From the greatest comeback to the "Music City Miracle," the wild-card round has produced some of the seminal moments in NFL history. Take a look at some classic images from the opening round of the NFL playoffs.
2011: Broncos 29, Steelers 23
Before he became a part of the three-ring circus 2012 for the New York Jets, Tim Tebow was providing late-game heroics for the Denver Broncos in a magical 2011 season. Tebow won seven of 11 starts to lift the Broncos into the AFC West crown. In an unforgettable wild-card showdown, Tebow stunned the Pittsburgh Steelers with an 80-yard touchdown strike to Demaryius Thomas in what was the quickest ending to an overtime game in NFL history to give the Broncos a 29-23 win.
2010: Seattle Seahawks 41, New Orleans Saints 36
The defining moment of the Seahawks' upset of the Saints was Marshawn Lynch's 67-yard game-clinching touchdown run. The run set off a seismic event in Seattle as the Seahawks -- a 7-9 entry in the playoffs as the NFC West winners -- knocked off the defending Super Bowl champions. The Seahawks' magical playoff ride came to an abrupt halt the next week in Chicago.
2008: San Diego Chargers 23, Indianapolis Colts 17 (OT)
In what would turn out to be Tony Dungy's final game for the Colts, his team was outdone again by the Chargers (Indy was felled a year earlier by San Diego in the AFC divisional playoffs). Darren Sproles scooted 22 yards for the winning score in overtime to send NFL MVP Peyton Manning and the Colts home nearly 50 years to the day after the Baltimore Colts' famed overtime win over the New York Giants in the 1958 NFL Championship.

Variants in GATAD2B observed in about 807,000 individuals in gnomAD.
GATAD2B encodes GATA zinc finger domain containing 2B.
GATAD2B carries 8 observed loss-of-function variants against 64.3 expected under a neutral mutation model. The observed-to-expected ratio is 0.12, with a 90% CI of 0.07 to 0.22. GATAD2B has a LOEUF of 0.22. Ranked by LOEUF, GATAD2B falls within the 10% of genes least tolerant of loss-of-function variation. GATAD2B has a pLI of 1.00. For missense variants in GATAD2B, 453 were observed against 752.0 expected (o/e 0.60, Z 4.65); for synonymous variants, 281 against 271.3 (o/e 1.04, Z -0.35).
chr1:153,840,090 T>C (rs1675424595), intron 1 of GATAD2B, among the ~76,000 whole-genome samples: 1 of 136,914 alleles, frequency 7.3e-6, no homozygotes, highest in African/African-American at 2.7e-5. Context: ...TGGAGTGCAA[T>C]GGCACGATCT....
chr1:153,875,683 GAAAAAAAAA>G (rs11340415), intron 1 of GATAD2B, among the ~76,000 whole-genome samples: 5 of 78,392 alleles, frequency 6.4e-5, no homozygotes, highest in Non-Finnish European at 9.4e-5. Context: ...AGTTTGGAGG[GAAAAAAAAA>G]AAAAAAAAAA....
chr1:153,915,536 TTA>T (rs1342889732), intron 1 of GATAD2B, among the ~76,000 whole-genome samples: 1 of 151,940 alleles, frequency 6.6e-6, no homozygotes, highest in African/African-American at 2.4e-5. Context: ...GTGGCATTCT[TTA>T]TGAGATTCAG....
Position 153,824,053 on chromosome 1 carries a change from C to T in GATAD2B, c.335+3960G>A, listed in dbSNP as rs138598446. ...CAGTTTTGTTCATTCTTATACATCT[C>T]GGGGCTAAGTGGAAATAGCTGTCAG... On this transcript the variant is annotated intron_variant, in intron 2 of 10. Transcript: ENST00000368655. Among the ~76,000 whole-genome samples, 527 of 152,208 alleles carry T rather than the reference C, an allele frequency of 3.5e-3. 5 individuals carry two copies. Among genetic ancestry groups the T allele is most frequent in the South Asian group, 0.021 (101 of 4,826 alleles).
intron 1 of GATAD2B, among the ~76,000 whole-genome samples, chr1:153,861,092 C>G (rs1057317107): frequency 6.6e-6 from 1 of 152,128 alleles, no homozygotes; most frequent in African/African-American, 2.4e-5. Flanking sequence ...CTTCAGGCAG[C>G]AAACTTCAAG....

2006: Seattle Seahawks 21, Dallas Cowboys 20
A botched field-goal attempt doomed Dallas in Seattle when holder Tony Romo mishandled the snap and opted to take off with the ball for what could have been the game-winning touchdown. Instead, Romo was tackled short of the end zone and the defending NFC champion Seahawks lived to fight another day. Their playoff run would end the next week in Chicago to the eventual NFC representative in Super Bowl XLI.
2004: Minnesota Vikings 31, Green Bay Packers 17
Randy Moss' fourth-quarter touchdown clinched the wild-card victory for the Vikings, and his subsequent celebration prompted Fox-TV announcer Joe Buck to say, "That is a disgusting act by Randy Moss!" The Vikings were one of two 8-8 teams to make the playoffs that season (the Rams also defeated the Seahawks on Wild Card Weekend), but the postseason run ended the next week in Philadelphia, as the Eagles would go on to their fourth straight NFC Championship game appearance and first Super Bowl berth in 24 years.
2003: Green Bay Packers 33, Seattle Seahawks 27 (OT)
After winning the overtime coin toss, Seahawks QB Matt Hasselbeck bombastically proclaimed to the Lambeau Field crowd and national-TV audience that "we want the ball and we're going to score!" However, what happened next did not meet the claim of Hasselbeck, who threw a game-winning pick six to Al Harris. Fortunately, Hasselbeck has been a good sport about the incident.
2002: New York Jets 41, Indianapolis Colts 0